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IRW Real Estate v. City of Providence Zoning Board of Review

Superior Court of Rhode Island

December 8, 2014


For Plaintiff: Gina A. DiCenso, Esq.

For Defendant: Lisa Dinerman, Esq. Edward C. Roy, Esq. Jeffrey S. Brenner, Esq.



Appellants IRW Real Estate, Weiss Realty, LLC., Elaine S. Weiss Trust, and Sabar Realty, Inc. (Appellants) appeal the January 6, 2014 decision of Appellee, City of Providence Zoning Board of Review (the Board), granting a use variance and various dimensional variances to Applicant Providence Firefighter's Realty Corporation (Applicant or Firefighter's Realty) for their property on Lots 239 and 586[1] of Tax Assessor's Plat 2 in Providence, Rhode Island (the Property). Such variances provide relief for Applicant to construct a billboard on its Property abutting Interstate 95. Lamar Central Outdoor, LLC (Intervenor or Lamar) has intervened in support of the Board's decision as an interested party planning to rent this billboard. Jurisdiction of this Court is pursuant to G.L. 1956 § 45-24-69.


Facts and Travel

On March 28, 2011, the Board denied Lamar's[2] application for variance on the Property. (Resolution No. 9554.) Lamar had requested both a use variance and dimensional variances to construct a V-shaped billboard opening at a 50 degree angle and measuring 137 feet high with two sign panels, each spanning 48 feet by 14 feet. Id. Specifically, Lamar requested relief from Providence Ordinance ch. 27 § 603, which states that billboards "shall be prohibited in all zones in the city." The Board found, inter alia, that the Applicant had not shown that the hardships sought resulted from the unique nature of the Property and that denial of the requested relief would not lead to the loss of all beneficial use of the Property. Id. at 3.

On March 12, 2013, Firefighter's Realty, owner of the Property, submitted the instant application to the Board, similarly proposing construction of a billboard that Lamar would rent. (Appl. for Variance, Mar. 12, 2013.) Mr. Paul Doughty, counsel for Firefighter's Realty, testified as to the modifications between this application and the one denied by the Board in 2010:

"We have narrowed [the V-shape] from 50 degrees to 30 degrees, and the effect of that is for people that may be viewing it from the east or from the North Main Street side is to narrow the width of the billboard, the wide part of the V, the mouth of the V, from 30 feet to 27.5 feet which is a reduction of approximately 25 percent, in that width.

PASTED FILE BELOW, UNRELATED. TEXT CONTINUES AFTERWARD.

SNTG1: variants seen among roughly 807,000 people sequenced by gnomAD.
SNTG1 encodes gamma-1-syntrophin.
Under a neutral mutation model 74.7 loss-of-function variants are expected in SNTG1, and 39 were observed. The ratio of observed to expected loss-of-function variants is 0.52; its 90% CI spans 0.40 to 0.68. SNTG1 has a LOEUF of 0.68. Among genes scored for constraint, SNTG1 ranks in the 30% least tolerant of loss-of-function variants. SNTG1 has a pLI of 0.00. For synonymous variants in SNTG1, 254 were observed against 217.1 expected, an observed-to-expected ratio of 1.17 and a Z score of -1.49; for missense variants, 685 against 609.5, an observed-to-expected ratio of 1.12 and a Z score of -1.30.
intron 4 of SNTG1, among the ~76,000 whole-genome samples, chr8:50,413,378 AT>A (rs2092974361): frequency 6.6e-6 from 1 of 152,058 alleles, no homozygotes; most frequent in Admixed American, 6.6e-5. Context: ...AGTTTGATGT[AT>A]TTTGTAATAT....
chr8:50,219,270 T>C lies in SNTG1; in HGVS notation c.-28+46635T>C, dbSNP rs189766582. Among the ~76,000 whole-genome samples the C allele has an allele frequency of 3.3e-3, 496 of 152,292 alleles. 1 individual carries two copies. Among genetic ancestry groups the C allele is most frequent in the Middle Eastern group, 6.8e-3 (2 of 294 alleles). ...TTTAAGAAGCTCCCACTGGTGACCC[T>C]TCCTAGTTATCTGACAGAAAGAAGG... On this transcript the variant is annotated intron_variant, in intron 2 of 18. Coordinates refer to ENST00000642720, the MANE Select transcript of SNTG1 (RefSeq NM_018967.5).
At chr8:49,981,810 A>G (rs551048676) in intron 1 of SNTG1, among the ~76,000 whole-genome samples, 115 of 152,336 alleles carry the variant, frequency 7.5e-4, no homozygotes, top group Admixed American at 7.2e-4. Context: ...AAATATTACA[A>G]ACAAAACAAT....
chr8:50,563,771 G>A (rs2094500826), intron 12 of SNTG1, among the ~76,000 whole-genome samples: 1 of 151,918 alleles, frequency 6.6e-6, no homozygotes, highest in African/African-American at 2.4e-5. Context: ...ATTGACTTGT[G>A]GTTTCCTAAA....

"Secondly we moved the pole, and therefore the entire billboard, three feet south thereby increasing, along with the narrowing of the V, the distance from the abutting landowner . . . [by ten feet] or approximately 33 percent.
"In addition, we've made an offer on behalf of [Lamar] to remove the equivalent square footage of billboard from the city from a list of identified billboards locations that was submitted to the Department of Planning. That's 1344 square feet and it represents approximately nine or ten billboards depending on which billboards are selected. And they are in different neighborhoods, and different streets, including, for instance, Potters Ave., Public Street, Broad Street[, ] Elmwood, Charles Street, et cetera." (Tr. 127:6-128:9, July 9, 2013.)

Consequently, the Board found, upon motion and a vote of 4-1, that there existed a "substantial change" from the previous application. Id. at 131:1.

Later in the proceedings, the Board heard from Applicant's expert, Mr. Thomas O. Sweeney (Mr. Sweeney), who testified that "about 50 percent of [the Property] is unusable due to the [Narragansett Bay Company] pipeline [easement], and the Moshassuck River[.]" (Tr. 166:4-6, Oct. 22, 2013.) Mr. Paul Doughty readily admitted that Applicant did not ask Narragansett Bay Company whether it could use the land upon which the easement lies for parking. Id. at 168:8-12. Nevertheless, part of the Property is already being utilized as a parking lot. Id. at 149:2-4. In response to this evidence, the Chairperson of the Board stated that the Board was "not persuaded that a denial of the requested use and dimensional variances would lead to a loss of all beneficial use of the property. The Board considers the use of the property as a union hall[3] and parking lot to be a beneficial use to the property." Id. at 170:22-171:2. Mr. Sweeney did not dispute this impression but rather stated that zoning strictures had "an impact on the full beneficial use of the [P]roperty." Id. at 171:3-5. Despite the Chairperson's position regarding the parking lot as a beneficial use of the Property, in its final decision, Resolution No. 9778, the Board granted the requested variances, finding that the Property "cannot yield any beneficial use if it is required to conform to the use provisions of this Ordinance [as] [t]he specific area on the Property where Applicant seeks to place the monopole is of very limited use." (Resolution No. 9778 at 7.)

Appellants filed a Complaint with this Court on January 17, 2014 appealing the Board's grant of relief. Appellants contend that the Board acted in excess of its statutory authority by rehearing a substantially similar application to the one decided on March 28, 2011. Additionally, Appellants assert that the decision of the Board was affected by error of law as the Board granted relief where Applicant was deprived of the beneficial use of some of its property rather than all. Furthermore, Appellants allege that the Board failed to make adequate findings of fact as per § 45-24-61(a)[4]. Lamar contends that the Board's decision was proper, resting on record evidence that Applicant would lose beneficial use of the Property without the ...

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